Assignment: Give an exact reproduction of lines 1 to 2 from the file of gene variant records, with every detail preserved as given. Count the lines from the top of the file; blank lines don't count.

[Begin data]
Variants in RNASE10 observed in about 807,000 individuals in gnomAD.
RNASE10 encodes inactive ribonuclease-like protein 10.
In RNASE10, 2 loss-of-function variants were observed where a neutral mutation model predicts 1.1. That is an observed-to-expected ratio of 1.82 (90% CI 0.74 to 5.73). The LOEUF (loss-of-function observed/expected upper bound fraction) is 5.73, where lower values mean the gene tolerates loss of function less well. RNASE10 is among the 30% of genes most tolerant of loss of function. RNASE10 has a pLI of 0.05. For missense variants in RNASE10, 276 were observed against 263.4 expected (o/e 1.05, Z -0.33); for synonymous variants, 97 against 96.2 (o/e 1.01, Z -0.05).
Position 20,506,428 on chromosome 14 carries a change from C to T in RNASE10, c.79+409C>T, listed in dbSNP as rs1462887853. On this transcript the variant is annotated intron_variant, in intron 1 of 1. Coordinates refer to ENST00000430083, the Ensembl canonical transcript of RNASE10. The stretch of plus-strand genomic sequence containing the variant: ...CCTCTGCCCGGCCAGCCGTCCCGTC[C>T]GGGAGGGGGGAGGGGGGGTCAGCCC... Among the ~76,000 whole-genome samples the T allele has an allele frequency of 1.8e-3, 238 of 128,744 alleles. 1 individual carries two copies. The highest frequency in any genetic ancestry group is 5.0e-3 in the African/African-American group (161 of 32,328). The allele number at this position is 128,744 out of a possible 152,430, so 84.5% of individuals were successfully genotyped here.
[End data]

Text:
Variants in RNASE10 observed in about 807,000 individuals in gnomAD.
RNASE10 encodes inactive ribonuclease-like protein 10.